Instead is positively associated with self-reported measures of success – feeling good just by itself creates higher self-assessments of success, but:

Instead is negatively associated with objective measures of success – feeling good just by itself produces lower levels of performance.

You will feel better if you whistle instead of work, and you’ll believe that you are doing better as well.  The first may be usually true but the second rarely is.  The challenge is to multi-task by replacing instead with while.  Whistling and working is more effective than whistling rather than working!

Whistle while you work.  If you feel you can do both, It may be the best way to both feel and do better.

A Patient Heart

March 14th, 2011 | Specific | 0 Comments

The very first line in the song ‘Patient Heart’  by Sean Flinn and the Royal We is:

The long road makes for a patient heart.

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And the implications of that line are the subject of this post.  What do you think it means?  These few simple words allow you to burrow down in several directions.

Regardless of other issues, the experiential learning or behavioural change road will always be long.  However, it may often be the case that the traveller on this road does not have a patient heart.  ’tis nobler suggests there are two main reasons for this.

Firstly, the road is not seen as long and therefore the traveller presumes that the journey will soon be over.  Why should you be patient until you arrive when you will arrive before you need to be patient?

Secondly, patience is seen as simply not required for it is presumed to be more important to travel with passion than it is to travel with patience.  But it is incorrect to assume that passion and patience are mutually exclusive; one must not preclude the other.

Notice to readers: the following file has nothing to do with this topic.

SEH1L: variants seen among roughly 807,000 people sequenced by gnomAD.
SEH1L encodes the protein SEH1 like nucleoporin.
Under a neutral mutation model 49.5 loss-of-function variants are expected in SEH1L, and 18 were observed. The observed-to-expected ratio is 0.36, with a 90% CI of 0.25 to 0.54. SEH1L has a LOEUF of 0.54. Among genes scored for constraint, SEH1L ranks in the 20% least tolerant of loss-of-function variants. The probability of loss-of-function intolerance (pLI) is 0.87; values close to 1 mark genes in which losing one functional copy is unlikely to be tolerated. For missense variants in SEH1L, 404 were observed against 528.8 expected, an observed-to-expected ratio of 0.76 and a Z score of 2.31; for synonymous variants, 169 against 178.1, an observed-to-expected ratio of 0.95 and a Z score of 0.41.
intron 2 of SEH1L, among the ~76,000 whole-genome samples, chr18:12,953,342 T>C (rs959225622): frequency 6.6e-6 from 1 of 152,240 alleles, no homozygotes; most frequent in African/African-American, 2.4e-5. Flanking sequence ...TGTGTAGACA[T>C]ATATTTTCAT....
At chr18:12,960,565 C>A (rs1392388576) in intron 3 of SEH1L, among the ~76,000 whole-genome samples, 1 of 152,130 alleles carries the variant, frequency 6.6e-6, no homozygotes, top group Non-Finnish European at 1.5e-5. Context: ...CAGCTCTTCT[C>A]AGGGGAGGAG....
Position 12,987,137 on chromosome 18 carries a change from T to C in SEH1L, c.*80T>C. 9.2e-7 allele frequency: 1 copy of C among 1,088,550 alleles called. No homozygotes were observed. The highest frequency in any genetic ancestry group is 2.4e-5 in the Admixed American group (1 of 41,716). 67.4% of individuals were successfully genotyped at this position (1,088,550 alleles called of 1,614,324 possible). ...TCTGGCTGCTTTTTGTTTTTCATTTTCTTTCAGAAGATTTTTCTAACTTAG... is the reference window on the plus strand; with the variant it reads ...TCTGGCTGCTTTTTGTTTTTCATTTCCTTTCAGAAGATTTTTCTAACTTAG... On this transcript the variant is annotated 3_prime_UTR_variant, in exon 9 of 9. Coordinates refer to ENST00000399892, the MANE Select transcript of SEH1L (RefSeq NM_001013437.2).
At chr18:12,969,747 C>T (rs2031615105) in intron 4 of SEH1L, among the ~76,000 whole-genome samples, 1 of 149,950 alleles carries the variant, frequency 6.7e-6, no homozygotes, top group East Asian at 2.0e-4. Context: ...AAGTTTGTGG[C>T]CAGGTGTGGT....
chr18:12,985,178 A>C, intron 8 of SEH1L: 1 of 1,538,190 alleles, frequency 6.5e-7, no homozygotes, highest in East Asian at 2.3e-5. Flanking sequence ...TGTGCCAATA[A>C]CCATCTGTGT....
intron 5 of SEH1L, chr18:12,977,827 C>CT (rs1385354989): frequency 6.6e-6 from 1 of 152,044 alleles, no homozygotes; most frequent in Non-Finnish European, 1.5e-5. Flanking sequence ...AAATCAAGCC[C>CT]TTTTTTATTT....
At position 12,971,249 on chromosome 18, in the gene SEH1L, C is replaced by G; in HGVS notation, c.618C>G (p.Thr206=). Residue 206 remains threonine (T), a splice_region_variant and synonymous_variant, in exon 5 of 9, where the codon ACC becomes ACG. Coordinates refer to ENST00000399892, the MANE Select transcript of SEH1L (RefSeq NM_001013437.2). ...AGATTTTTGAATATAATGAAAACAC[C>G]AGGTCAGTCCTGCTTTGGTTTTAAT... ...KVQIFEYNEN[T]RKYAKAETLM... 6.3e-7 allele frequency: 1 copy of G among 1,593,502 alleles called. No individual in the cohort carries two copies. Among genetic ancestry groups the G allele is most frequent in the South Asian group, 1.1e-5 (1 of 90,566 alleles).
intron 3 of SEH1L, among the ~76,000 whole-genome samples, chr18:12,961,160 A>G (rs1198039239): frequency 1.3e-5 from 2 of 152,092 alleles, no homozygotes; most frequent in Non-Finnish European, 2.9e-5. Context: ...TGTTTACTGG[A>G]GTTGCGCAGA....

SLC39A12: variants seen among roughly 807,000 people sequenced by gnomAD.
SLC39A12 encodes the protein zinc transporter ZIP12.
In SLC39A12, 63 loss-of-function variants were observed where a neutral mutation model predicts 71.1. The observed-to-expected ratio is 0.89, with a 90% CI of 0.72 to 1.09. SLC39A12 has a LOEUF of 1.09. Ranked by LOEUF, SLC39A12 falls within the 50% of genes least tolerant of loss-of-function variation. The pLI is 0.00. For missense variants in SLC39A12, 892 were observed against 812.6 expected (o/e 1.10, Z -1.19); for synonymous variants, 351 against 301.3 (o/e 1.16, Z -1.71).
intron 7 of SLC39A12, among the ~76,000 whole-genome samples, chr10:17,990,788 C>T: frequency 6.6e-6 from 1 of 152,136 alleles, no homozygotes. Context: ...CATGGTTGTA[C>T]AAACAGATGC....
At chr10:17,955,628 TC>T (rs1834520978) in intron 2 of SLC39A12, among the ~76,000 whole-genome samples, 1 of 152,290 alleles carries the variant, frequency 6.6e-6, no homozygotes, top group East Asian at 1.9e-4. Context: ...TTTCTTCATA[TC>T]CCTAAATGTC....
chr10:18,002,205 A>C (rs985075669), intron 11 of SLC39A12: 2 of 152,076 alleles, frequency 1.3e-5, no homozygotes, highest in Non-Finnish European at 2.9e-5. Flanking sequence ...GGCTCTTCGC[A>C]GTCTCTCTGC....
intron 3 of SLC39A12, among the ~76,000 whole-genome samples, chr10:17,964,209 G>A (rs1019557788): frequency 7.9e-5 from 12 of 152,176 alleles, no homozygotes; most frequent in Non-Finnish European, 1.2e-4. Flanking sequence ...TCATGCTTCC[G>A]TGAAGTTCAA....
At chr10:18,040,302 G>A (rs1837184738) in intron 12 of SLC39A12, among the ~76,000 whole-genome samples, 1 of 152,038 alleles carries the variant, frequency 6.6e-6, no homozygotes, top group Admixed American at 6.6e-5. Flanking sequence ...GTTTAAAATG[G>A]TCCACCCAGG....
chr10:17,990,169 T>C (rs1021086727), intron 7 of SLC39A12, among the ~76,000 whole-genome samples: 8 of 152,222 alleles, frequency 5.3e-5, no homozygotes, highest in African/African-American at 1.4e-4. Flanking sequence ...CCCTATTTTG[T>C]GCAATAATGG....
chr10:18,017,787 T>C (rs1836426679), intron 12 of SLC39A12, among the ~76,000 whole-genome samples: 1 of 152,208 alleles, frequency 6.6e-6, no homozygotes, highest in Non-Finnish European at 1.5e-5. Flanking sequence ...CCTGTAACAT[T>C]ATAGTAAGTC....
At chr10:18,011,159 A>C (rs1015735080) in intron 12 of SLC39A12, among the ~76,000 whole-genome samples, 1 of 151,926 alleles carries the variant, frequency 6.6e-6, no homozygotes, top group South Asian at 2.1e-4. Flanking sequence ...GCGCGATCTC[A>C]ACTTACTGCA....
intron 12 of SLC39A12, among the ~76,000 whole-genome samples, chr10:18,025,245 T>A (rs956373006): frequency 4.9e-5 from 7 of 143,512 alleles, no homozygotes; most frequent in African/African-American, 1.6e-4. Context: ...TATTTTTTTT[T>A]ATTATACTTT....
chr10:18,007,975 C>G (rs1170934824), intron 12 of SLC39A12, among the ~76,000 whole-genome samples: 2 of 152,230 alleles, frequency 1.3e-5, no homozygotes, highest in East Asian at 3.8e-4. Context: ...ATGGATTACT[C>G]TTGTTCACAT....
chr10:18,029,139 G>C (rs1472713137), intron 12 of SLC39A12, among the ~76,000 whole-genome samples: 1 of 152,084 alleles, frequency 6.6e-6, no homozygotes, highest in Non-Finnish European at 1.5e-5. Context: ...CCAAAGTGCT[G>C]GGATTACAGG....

A recent study made the useful distinction between harmonious and obsessive passion.  The former led to a stronger focus on mastery goals, goals that are associated with deeper engagement and perseverance, and a greater commitment to deliberate practice.  When passion became obsessive, passion rather than practice became the end; avoiding failure overrode striving for mastery.  As a consequence, task performance suffered.

Excellence is never achieved through exhortation.

You may have noticed another line in ‘Patient Heart’:

You get far enough away, you’ll be back to the start.

This echoes the T S Eliot quote presented in the ‘About’ section.  Harmonious passion and patience are both required to ‘know something for the first time’.  Be passionate in the right way and be patient in many ways.  Be passionate about having a patient heart.

Milestones May Be Millstones

March 7th, 2011 | Specific | 0 Comments

Cotton Jones  sing these words:

C’mon baby let the river roll on.

And the title of the song is also particularly apt – ‘Somehow to keep it going’.

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In ‘Do Or Blue’, ‘tis nobler explored the evidence supporting the value of resisting idleness.

How do these statements tie together?  A common underlying theme is the value of continuing – rolling on, keeping it going, doing rather than idling.  Being engaged is better than being in neutral.

So what happens when you achieve a milestone in your learning journey?  It can and should be a time for reflection on the effort to this point and an acknowledgement of positive change, for you will have changed from something to something ‘better’.  But ‘better’ is always a relative term, so you had better continue rather than cease.